(c) ‘refugee’ means a third country national who, owing to a well-founded fear of being persecuted for reasons of race, religion, nationality, political opinion or membership of a particular social group, is outside the country of nationality and is unable or, owing to such fear, is unwilling to avail himself or herself of the protection of that country, or a stateless person, who, being outside of the country of former habitual residence for the same reasons as mentioned above, is unable or, owing to such fear, unwilling to return to it, and to whom Article 12 does not apply;
(d) ‘refugee status’ means the recognition by a Member State of a third country national or a stateless person as a refugee;

 

(e) ‘person eligible for subsidiary protection’ means a third country national or a stateless person who does not qualify as a refugee but in respect of whom substantial grounds have been shown for believing that the person concerned, if returned to his or her country of origin, or in the case of a stateless person, to his or her country of former habitual residence, would face a real risk of suffering serious harm as defined in Article 15, and to whom Article 17(1) and (2) do not apply, and is unable, or, owing to such risk, unwilling to avail himself or herself of the protection of that country;

 

(f) ‘subsidiary protection status’ means the recognition by a Member State of a third country national or a stateless person as a person eligible for subsidiary protection;

 

(g) ‘application for international protection’ means a request made by a third country national or a stateless person for protection from a Member State, who can be understood to seek refugee status or subsidiary protection status, and who does not explicitly request another kind of protection, outside the scope of this Directive, that can be applied for separately;

 

Article 15

Serious harm

Serious harm consists of:

(a)

death penalty or execution; or

(b)

torture or inhuman or degrading treatment or punishment of an applicant in the country of origin; or

(c)

serious and individual threat to a civilian’s life or person by reason of indiscriminate violence in situations of international or internal armed conflict.

 

(2)DOMESTIC REGULATIONS

The Refugee or Person in Need of International Protection

(Qualification) Regulations 2006 No. 2525 came into force on 9 October 2006.

The Explanatory Note to the Regulations states, “ These Regulations together with amendments to the Immigration Rules (HC 395) in part implement Council Directive 2004/83/EC of 29th April 2004 on minimum standards for the qualification and status of third country nationals or stateless persons as refugees or as persons who otherwise need international protection and the content of the protection granted (OJ L304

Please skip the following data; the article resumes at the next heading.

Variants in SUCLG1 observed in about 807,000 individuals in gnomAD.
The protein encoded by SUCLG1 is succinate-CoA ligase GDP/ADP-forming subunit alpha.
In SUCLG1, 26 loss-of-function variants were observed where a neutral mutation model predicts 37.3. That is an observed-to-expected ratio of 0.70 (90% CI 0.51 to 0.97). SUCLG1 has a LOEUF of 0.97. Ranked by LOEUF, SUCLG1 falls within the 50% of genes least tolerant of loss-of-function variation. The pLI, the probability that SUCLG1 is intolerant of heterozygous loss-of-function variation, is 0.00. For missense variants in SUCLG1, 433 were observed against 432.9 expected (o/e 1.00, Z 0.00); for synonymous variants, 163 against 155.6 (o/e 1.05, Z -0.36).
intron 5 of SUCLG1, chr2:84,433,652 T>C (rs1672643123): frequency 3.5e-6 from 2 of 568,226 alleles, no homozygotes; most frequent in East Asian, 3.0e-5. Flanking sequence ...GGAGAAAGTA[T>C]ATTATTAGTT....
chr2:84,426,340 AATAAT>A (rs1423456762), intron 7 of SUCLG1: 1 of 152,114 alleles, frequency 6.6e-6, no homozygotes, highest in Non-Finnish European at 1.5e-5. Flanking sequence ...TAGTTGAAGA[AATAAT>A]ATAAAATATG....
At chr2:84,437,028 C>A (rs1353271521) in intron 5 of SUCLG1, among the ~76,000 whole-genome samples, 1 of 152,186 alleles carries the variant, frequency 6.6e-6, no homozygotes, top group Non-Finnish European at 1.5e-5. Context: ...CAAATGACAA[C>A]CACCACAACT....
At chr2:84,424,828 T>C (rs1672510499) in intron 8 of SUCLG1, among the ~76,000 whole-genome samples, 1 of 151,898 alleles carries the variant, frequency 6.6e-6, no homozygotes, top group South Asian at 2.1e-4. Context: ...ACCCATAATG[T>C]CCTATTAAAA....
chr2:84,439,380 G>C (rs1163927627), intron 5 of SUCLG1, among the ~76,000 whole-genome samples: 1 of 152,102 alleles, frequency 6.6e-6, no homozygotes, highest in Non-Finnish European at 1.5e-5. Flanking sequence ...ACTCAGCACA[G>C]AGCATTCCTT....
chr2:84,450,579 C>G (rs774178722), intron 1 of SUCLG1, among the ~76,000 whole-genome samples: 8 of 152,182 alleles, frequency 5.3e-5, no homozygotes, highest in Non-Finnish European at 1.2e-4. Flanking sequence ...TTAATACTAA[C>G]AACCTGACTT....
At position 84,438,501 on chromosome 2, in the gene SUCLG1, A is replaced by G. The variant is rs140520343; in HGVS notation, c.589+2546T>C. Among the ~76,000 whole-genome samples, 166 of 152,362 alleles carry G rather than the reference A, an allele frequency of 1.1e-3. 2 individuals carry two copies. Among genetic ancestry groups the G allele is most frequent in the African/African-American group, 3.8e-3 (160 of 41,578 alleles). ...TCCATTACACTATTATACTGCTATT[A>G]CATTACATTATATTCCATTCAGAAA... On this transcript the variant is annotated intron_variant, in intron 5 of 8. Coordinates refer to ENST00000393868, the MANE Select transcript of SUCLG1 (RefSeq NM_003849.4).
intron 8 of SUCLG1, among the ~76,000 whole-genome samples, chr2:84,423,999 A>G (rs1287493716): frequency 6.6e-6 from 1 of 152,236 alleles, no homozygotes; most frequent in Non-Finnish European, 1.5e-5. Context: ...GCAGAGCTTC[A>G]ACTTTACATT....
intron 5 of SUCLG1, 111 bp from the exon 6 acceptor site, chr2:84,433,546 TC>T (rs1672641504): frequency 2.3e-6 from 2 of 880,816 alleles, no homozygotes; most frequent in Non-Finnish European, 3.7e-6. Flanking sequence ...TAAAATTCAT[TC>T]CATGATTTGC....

30.9.2004 p 12) (“the Directive”). Many parts of the Directive do not require implementation as consistent provision is already made in existing domestic legislation….”

The Regulations themselves  therefore run only from Regulations 1 to 7.

(3) THE IMMIGRATION RULES PART 11 AND THE  CORRESPONDING ARTICLES  OF THE  QUALIFCATION DIRECTION

The procedures set out in Part 11 of the Immigration Rules  apply to the consideration of admissible applications for asylum and humanitarian protection.

The Rules relevantly provide:

Article 8 of the ECHR and Humanitarian Protection: Paragraph 326B provides that where the Secretary of State is considering a claim for asylum or humanitarian protection under Part 11  of the Immigration Rules, she will consider any Article 8 elements of that claim in line with the provisions of Appendix FM (family life) and in line with paragraphs 276ADE to 276DH (private life) of the Rules which are relevant to those elements unless the person is someone to whom Part 13 of the Rules applies.

Grant of humanitarian protection: Paragraph 339C of the Rules provides:

“339C. A person will be granted humanitarian protection in the United Kingdom if the Secretary of State is satisfied that:

(i) he is in the United Kingdom or has arrived at a port of entry in the United Kingdom;

(ii) he does not qualify as a refugee as defined in regulation 2 of The Refugee or Person in Need of International Protection (Qualification) Regulations 2006;

(iii) substantial grounds have been shown for believing that the person concerned, if he returned to the country of return, would face a real risk of suffering serious harm and is unable, or, owing to such risk, unwilling to avail himself of the protection of that country; and